West Potomac sophomore Jamie Sara, right, is greeted at home plate by teammates Billy Lescher (22) and Rocky Iboleon (15) after hitting a two-run home run in the first inning against West Springfield on May 13.
Photo by Craig Sterbutzel.
Earlier in the 2014 season, West Potomac sophomore Jamie Sara was a part-time player with a propensity for striking out.
When the Wolverines hosted Annandale on May 8, Sara played in the field, but head coach Jim Sullivan replaced Sara in the lineup with a designated hitter. The following evening, Sara had what he described as a “terrible” batting-practice session prior to West Potomac’s game against South County. Sara would bat in the No. 8 spot in the order against the Stallions, a spot not usually occupied by hitters with prodigious power.
“I took a terrible BP round,” Sara said of his pregame performance on May 9, “but after that, I was looking for fastballs, squaring them up.”
Whatever adjustments Sara made during the game proved successful as the 6-foot-3, 180-pounder smacked three home runs during a 6-0 victory against the defending Patriot District champions.
“South County didn’t even know who he was,” Sullivan said. “They said, ‘Who is he and why is he hitting No. 8?’”
“We’re just hoping that he’ll continue to not overthink it — to not think that he’s now a home run hitter and just let it happen.”
—West Potomac baseball coach Jim Sullivan about sophomore Jamie Sara
On May 13, West Potomac traveled to face first-place West Springfield for the Wolverines’ regular-season Conference 7 finale. In the top of the first inning, Sara, battling cleanup for West Potomac, jumped on the first pitch he saw from Spartans left-hander Tim Yonkers and blasted a two-run bomb toward the parking lot past the fence in left field at Tugwell Yards. It was the third baseman’s fifth home run of the season.
Did Sara know it was gone?
“I had a good feeling,” he said. “I sat on a first-pitch fastball. It was a nice shot.”
What’s up with No. 13’s recent power surge? Sullivan said he thinks Sara is swinging with more control.
“Even though it looks like he’s swinging as hard as he can, I don’t really think he’s swinging as hard as he was,” Sullivan said. “He was striking out four out of every 10 at-bats. … We just figured if he’ll just focus, he’s a tremendous athlete, strong as a bull and he’s going to keep getting bigger. We’re just hoping that he’ll continue to not overthink it — to not think that he’s now a home run hitter and just let it happen.”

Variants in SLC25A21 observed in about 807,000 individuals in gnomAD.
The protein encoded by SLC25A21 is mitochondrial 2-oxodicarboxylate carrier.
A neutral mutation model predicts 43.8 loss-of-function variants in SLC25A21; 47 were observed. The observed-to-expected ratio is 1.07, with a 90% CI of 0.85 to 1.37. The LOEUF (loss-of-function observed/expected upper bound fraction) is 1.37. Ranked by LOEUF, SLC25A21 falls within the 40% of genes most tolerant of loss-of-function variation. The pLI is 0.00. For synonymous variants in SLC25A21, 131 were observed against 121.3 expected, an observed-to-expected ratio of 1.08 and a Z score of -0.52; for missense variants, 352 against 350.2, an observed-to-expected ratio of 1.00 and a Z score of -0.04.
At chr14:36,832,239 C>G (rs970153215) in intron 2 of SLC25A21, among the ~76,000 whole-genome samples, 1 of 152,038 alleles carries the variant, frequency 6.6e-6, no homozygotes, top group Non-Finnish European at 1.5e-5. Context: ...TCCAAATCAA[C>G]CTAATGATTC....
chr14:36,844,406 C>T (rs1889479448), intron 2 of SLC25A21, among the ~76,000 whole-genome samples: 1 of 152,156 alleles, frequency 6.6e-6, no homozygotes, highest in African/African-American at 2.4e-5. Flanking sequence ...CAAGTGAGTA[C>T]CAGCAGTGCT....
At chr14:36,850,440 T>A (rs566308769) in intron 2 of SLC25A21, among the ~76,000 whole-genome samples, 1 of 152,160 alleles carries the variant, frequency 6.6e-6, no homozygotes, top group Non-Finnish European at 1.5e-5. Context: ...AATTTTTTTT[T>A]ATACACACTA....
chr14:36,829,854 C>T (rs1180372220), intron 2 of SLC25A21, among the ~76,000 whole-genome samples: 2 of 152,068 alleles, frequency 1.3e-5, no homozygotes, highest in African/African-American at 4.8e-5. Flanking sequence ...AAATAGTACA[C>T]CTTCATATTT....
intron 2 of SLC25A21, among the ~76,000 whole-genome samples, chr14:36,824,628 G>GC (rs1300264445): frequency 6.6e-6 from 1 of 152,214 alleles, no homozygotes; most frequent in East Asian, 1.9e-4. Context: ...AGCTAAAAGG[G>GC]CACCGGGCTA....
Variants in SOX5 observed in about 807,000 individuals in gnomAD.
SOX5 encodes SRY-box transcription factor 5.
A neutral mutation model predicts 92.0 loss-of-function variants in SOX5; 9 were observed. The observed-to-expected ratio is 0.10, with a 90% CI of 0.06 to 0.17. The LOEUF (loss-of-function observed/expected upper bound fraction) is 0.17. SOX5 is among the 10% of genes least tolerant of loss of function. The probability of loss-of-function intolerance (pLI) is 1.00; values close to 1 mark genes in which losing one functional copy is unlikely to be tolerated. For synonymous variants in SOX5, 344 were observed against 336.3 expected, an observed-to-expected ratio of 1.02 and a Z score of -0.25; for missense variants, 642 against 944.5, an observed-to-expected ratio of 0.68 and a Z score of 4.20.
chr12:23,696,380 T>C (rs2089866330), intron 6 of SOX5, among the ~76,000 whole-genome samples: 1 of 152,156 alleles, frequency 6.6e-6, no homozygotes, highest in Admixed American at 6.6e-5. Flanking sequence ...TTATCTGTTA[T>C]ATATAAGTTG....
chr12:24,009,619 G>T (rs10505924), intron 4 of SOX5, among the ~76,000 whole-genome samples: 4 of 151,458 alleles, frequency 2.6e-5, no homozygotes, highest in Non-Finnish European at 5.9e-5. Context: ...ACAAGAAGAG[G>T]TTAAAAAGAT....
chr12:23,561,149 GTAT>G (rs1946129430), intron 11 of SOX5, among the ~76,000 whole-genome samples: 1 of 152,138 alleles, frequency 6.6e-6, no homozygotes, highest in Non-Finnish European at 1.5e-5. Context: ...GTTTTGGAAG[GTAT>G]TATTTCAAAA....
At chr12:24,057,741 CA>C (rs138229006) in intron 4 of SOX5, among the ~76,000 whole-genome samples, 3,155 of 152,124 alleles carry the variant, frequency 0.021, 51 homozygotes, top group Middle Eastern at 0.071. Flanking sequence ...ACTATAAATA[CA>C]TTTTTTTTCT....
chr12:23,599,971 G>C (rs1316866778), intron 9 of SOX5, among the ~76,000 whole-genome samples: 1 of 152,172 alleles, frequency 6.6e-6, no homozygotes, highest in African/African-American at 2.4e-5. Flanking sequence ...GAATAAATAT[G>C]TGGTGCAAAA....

Sara’s powerful bat is a welcomed addition for a West Potomac baseball team that entered Tuesday’s contest with West Springfield as the No. 2 seed in Conference 7. The Spartans built a 6-3 lead before play was suspended due to lightning in the fourth inning. The teams were scheduled to finish the game on Wednesday. West Springfield would secure the No. 1 seed with a win over West Potomac or a win over Woodson on Friday during the Spartans’ regular-season finale.
West Potomac entered Tuesday’s game with a 12-6 record, including 8-3 against conference opponents. The Wolverines had won six of their last seven games.
“They don’t seem to get too disturbed by being behind,” Sullivan said. “They are a pretty calm, collected bunch. I think we were behind five of our first six games and won four of them. … They don’t tend to panic, which I think is the big thing. They know they are good ball players, they know they can make the plays and they know they can hit the ball, so if they can keep that confidence up, [they will be in good shape].”
One of the primary reasons for West Potomac’s success has been the pitching duo of Billy Lescher and Michael Barnes.
“When they’re on the mound,” Sullivan said, “that helps [their teammates] relax.”
Early in the season, Sullivan said the Wolverines had their sights set on a conference title. While it is unlikely West Potomac will catch West Springfield in the regular-season standings, the Wolverines can turn their attention to the Conference 7 tournament, which begins Monday, May 19.
“We still believe that we’re as good as anybody for the tournament,” Sullivan said, “but we were hoping to win both of them.”